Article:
What are the Most Common Criminal Defense Cases?

Law and Order

In a criminal case where a defendant goes on trial for allegedly committing a crime, the prosecutor must prove beyond all reasonable doubt that the defendant is guilty of the crime. Until then, the defendant is innocent until proven guilty and is entitled to build their defense through different means. If you’re in need of a strong defense team and solid legal counsel, look for the best law firms available in your area. If you’re in California, try contacting a Santa Ana criminal defense law firm

There are three types of the most common criminal defenses: first, that the defendant was not in a proper state of mind to understand the significance of the criminal act committed; second, that the defendant was justified in committing the crime; and third, no crime occurred. Below are the most common examples of each category.

The defendant did not commit the crime

In these defenses, the defendant denies having committed any crime because circumstances made it impossible for them to do so. The most common defense used under this category is the alibi defense.

Alibi Defense

The strength of this defense relies on having sufficient and credible evidence to build an alibi for the defendant and prove that they were elsewhere. The defense can use eyewitnesses, security footage, receipts, and traceable phone calls to fortify the alibi.

The defendant was not in a proper state of mind

Under this category, the criminal defendant argues based on logic: a criminal, to be convicted as such, must understand that what the action they’re committing is a crime and must be fully aware of the consequences. Thus, if an individual commits an act without knowing that their actions were wrong, they can’t be found guilty of the crime. 

Intoxication Defense

The intoxication defense argues that the defendant cannot be found guilty despite committing the crime. They could not understand what they were doing because they were under a substance that altered their state of mind. The defense case is more potent if the intoxication was involuntary because some states don’t excuse criminal actions done under voluntary intoxication.

Insanity Defense

Under an insanity defense, the defendant must prove that they have a mental disorder that makes them incapable of understanding conventional standards of morality and which actions are right and wrong. The condition can also make them incapable of resisting violent impulses and controlling their actions. In this case, the defendant is held in a psychiatric facility instead of being sent to prison.

The defendant was justified in committing the crime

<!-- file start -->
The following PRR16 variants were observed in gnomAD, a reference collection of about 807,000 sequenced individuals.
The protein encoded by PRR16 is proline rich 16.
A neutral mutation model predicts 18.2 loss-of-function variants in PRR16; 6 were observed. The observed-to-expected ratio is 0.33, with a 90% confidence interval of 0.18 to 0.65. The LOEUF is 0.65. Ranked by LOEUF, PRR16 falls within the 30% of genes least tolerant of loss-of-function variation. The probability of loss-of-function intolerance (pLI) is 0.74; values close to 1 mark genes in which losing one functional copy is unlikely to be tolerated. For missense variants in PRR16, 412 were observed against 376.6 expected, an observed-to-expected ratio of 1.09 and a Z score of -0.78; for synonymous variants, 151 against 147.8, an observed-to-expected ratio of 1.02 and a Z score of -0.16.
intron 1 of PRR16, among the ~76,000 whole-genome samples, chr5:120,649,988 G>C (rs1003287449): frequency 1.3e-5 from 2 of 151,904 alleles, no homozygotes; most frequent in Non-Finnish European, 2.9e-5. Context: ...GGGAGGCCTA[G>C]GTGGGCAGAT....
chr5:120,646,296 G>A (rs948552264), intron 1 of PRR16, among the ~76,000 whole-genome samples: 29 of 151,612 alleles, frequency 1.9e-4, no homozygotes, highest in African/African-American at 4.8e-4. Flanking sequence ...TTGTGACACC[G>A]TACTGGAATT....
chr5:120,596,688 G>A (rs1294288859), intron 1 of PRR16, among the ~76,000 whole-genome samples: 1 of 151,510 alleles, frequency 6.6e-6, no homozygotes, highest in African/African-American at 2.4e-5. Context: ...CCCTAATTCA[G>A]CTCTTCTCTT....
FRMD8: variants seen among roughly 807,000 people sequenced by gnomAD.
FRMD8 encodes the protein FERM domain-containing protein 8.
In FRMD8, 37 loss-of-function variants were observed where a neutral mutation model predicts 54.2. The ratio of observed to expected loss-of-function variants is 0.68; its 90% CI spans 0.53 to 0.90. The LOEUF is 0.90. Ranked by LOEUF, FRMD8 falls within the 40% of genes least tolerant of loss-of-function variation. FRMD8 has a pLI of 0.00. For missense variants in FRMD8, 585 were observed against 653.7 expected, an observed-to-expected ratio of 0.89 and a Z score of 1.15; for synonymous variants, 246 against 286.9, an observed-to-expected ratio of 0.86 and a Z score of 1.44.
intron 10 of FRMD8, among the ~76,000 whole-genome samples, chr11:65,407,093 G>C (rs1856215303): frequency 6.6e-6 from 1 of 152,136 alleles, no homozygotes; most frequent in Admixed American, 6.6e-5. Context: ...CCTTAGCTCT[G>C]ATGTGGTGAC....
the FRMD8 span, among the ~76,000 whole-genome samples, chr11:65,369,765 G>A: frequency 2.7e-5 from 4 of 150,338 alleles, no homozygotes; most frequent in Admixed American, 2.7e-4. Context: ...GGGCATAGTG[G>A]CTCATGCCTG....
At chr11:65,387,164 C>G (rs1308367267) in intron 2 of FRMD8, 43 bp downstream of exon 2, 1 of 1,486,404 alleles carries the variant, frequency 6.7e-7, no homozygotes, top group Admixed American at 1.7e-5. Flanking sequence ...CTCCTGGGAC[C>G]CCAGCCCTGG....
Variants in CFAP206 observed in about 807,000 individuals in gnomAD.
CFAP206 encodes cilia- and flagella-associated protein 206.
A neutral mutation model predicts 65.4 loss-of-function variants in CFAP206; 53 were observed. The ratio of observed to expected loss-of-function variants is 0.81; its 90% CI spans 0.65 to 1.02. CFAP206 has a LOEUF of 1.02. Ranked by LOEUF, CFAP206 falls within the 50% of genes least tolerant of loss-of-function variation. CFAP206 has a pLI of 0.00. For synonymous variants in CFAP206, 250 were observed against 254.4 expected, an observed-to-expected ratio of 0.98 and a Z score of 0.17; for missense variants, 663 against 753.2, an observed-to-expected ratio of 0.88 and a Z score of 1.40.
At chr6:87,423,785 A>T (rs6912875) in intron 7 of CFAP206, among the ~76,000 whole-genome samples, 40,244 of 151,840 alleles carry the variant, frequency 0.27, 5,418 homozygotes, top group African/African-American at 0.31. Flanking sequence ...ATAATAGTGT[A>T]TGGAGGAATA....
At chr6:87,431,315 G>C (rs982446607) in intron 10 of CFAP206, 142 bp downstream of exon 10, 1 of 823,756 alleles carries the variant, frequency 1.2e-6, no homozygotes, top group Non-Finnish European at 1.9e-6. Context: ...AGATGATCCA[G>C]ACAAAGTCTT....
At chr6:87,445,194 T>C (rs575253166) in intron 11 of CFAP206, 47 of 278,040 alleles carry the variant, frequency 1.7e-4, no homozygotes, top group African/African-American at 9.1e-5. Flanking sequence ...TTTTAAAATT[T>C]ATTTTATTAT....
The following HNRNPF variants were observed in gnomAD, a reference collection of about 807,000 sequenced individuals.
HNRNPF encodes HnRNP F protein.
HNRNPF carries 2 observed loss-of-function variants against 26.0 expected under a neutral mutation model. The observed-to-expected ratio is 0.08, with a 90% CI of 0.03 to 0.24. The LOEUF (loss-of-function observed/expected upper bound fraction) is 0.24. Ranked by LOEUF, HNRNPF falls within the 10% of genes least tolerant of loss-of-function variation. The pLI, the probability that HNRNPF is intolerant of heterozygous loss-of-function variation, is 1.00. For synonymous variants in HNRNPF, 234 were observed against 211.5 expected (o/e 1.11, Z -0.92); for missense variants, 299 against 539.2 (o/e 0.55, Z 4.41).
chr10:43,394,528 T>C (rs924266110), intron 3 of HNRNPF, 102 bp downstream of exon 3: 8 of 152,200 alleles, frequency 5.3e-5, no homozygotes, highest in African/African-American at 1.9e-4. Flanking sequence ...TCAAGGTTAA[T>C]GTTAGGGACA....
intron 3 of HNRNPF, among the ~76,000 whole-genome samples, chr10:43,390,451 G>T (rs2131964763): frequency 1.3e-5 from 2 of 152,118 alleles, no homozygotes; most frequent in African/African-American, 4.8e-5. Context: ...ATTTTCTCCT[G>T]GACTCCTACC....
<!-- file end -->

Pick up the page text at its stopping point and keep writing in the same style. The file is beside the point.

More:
Under this category, the defendant also doesn’t deny committing the crime but instead argues that they should not be held criminally liable because there were circumstances that justified the unlawful act. The two most commonly recognized defenses are self-defense and duress.

Self-defense or in defense of others

The defendant may confess to committing the crime, but only because they were in a situation that called for such actions. The use of force and the intent to inflict serious harm is justified to protect oneself or others if there was unlawful aggression on the part of the victim. The defendant must be reasonable in believing that self-defense was necessary, and the amount of force used must also be reasonable.

Defense of Duress

Duress is the defense where the defendant argues that they should not be held criminally liable for any criminal act committed because they were coerced into committing the act. Under this defense, it must be established that there was an immediate threat of death and that the defendant had no means of escaping except by committing the crime.

No crime occurred

In this situation, the defense argues that although it appears that there was a crime and that there were allegations against the defendant, no crime ever occurred. The most common defense used under this category is the defense of consent.

Defense of consent

This line of defense is most commonly used in property theft and sexual assault cases. In using this defense, the defendant must prove that the victim gave consent. However, consent as a defense will be considered inapplicable under specific circumstances: the permission was given by an individual that did not have any authority to do so (as in property theft); the victim is underage, has a mental disorder, or was intoxicated; and the consent was not voluntarily given and was obtained by force or coercion.


If you find yourself facing serious criminal charges, the first thing to do is seek legal counsel. While the list above identifies the most common criminal defense cases, the first step to building a solid defense is to ask for help from a criminal defense lawyer.

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